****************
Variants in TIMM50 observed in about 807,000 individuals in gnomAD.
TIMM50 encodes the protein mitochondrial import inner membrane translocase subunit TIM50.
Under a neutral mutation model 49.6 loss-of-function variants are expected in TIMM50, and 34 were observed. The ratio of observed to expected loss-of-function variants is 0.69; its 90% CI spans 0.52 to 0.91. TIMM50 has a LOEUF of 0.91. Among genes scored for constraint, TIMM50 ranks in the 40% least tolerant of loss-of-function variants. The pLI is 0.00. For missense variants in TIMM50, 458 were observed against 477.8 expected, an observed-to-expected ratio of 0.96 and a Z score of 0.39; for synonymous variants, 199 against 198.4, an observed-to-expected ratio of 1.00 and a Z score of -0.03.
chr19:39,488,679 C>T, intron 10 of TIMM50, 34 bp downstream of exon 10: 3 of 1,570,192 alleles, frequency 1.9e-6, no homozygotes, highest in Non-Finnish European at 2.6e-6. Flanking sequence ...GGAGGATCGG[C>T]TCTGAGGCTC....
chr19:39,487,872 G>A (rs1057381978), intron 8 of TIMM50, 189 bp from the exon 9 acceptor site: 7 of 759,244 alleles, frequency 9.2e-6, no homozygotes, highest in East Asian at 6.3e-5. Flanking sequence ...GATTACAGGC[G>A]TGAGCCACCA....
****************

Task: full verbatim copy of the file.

Variants in TIMM50 observed in about 807,000 individuals in gnomAD.
TIMM50 encodes the protein mitochondrial import inner membrane translocase subunit TIM50.
Under a neutral mutation model 49.6 loss-of-function variants are expected in TIMM50, and 34 were observed. The ratio of observed to expected loss-of-function variants is 0.69; its 90% CI spans 0.52 to 0.91. TIMM50 has a LOEUF of 0.91. Among genes scored for constraint, TIMM50 ranks in the 40% least tolerant of loss-of-function variants. The pLI is 0.00. For missense variants in TIMM50, 458 were observed against 477.8 expected, an observed-to-expected ratio of 0.96 and a Z score of 0.39; for synonymous variants, 199 against 198.4, an observed-to-expected ratio of 1.00 and a Z score of -0.03.
chr19:39,488,679 C>T, intron 10 of TIMM50, 34 bp downstream of exon 10: 3 of 1,570,192 alleles, frequency 1.9e-6, no homozygotes, highest in Non-Finnish European at 2.6e-6. Flanking sequence ...GGAGGATCGG[C>T]TCTGAGGCTC....
chr19:39,487,872 G>A (rs1057381978), intron 8 of TIMM50, 189 bp from the exon 9 acceptor site: 7 of 759,244 alleles, frequency 9.2e-6, no homozygotes, highest in East Asian at 6.3e-5. Flanking sequence ...GATTACAGGC[G>A]TGAGCCACCA....